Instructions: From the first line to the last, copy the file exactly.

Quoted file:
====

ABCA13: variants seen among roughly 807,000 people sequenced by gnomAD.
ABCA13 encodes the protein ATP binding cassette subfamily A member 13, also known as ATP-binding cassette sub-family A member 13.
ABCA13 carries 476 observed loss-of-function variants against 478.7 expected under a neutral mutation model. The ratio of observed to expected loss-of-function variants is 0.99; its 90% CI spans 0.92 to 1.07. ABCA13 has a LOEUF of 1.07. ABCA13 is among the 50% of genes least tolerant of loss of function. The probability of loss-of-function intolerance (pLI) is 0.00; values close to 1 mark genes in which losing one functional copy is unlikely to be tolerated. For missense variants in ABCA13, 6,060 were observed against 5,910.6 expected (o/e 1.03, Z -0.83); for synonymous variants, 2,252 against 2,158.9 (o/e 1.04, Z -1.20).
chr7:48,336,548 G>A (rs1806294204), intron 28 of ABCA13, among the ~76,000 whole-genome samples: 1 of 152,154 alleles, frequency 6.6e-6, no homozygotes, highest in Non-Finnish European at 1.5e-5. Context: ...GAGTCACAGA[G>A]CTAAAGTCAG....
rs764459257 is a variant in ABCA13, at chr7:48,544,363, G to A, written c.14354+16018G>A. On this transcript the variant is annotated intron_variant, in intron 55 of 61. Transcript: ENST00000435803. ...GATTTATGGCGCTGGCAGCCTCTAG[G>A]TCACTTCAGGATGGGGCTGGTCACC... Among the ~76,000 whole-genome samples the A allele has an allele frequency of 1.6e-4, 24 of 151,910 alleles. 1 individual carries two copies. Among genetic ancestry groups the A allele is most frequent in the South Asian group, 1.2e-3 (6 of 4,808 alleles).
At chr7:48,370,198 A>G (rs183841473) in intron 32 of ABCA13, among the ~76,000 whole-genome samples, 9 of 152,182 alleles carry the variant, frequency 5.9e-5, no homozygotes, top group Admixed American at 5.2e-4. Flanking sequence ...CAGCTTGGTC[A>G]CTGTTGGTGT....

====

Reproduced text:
ABCA13: variants seen among roughly 807,000 people sequenced by gnomAD.
ABCA13 encodes the protein ATP binding cassette subfamily A member 13, also known as ATP-binding cassette sub-family A member 13.
ABCA13 carries 476 observed loss-of-function variants against 478.7 expected under a neutral mutation model. The ratio of observed to expected loss-of-function variants is 0.99; its 90% CI spans 0.92 to 1.07. ABCA13 has a LOEUF of 1.07. ABCA13 is among the 50% of genes least tolerant of loss of function. The probability of loss-of-function intolerance (pLI) is 0.00; values close to 1 mark genes in which losing one functional copy is unlikely to be tolerated. For missense variants in ABCA13, 6,060 were observed against 5,910.6 expected (o/e 1.03, Z -0.83); for synonymous variants, 2,252 against 2,158.9 (o/e 1.04, Z -1.20).
chr7:48,336,548 G>A (rs1806294204), intron 28 of ABCA13, among the ~76,000 whole-genome samples: 1 of 152,154 alleles, frequency 6.6e-6, no homozygotes, highest in Non-Finnish European at 1.5e-5. Context: ...GAGTCACAGA[G>A]CTAAAGTCAG....
rs764459257 is a variant in ABCA13, at chr7:48,544,363, G to A, written c.14354+16018G>A. On this transcript the variant is annotated intron_variant, in intron 55 of 61. Transcript: ENST00000435803. ...GATTTATGGCGCTGGCAGCCTCTAG[G>A]TCACTTCAGGATGGGGCTGGTCACC... Among the ~76,000 whole-genome samples the A allele has an allele frequency of 1.6e-4, 24 of 151,910 alleles. 1 individual carries two copies. Among genetic ancestry groups the A allele is most frequent in the South Asian group, 1.2e-3 (6 of 4,808 alleles).
At chr7:48,370,198 A>G (rs183841473) in intron 32 of ABCA13, among the ~76,000 whole-genome samples, 9 of 152,182 alleles carry the variant, frequency 5.9e-5, no homozygotes, top group Admixed American at 5.2e-4. Flanking sequence ...CAGCTTGGTC[A>G]CTGTTGGTGT....